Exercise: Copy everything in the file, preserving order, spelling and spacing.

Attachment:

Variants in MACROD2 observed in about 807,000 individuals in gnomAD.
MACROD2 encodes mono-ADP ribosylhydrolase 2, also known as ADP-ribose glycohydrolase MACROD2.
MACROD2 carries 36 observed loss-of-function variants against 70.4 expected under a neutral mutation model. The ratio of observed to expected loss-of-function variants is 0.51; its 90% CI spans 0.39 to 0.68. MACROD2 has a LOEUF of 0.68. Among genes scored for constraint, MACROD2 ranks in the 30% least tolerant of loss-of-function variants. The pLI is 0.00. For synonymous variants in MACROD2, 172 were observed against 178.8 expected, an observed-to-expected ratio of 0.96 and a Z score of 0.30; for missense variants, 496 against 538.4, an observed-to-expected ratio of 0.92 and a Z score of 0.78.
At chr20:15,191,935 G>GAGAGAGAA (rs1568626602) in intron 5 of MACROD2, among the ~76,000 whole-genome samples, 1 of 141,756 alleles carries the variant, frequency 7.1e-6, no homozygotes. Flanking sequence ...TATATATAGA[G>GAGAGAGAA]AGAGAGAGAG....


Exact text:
Variants in MACROD2 observed in about 807,000 individuals in gnomAD.
MACROD2 encodes mono-ADP ribosylhydrolase 2, also known as ADP-ribose glycohydrolase MACROD2.
MACROD2 carries 36 observed loss-of-function variants against 70.4 expected under a neutral mutation model. The ratio of observed to expected loss-of-function variants is 0.51; its 90% CI spans 0.39 to 0.68. MACROD2 has a LOEUF of 0.68. Among genes scored for constraint, MACROD2 ranks in the 30% least tolerant of loss-of-function variants. The pLI is 0.00. For synonymous variants in MACROD2, 172 were observed against 178.8 expected, an observed-to-expected ratio of 0.96 and a Z score of 0.30; for missense variants, 496 against 538.4, an observed-to-expected ratio of 0.92 and a Z score of 0.78.
At chr20:15,191,935 G>GAGAGAGAA (rs1568626602) in intron 5 of MACROD2, among the ~76,000 whole-genome samples, 1 of 141,756 alleles carries the variant, frequency 7.1e-6, no homozygotes. Flanking sequence ...TATATATAGA[G>GAGAGAGAA]AGAGAGAGAG....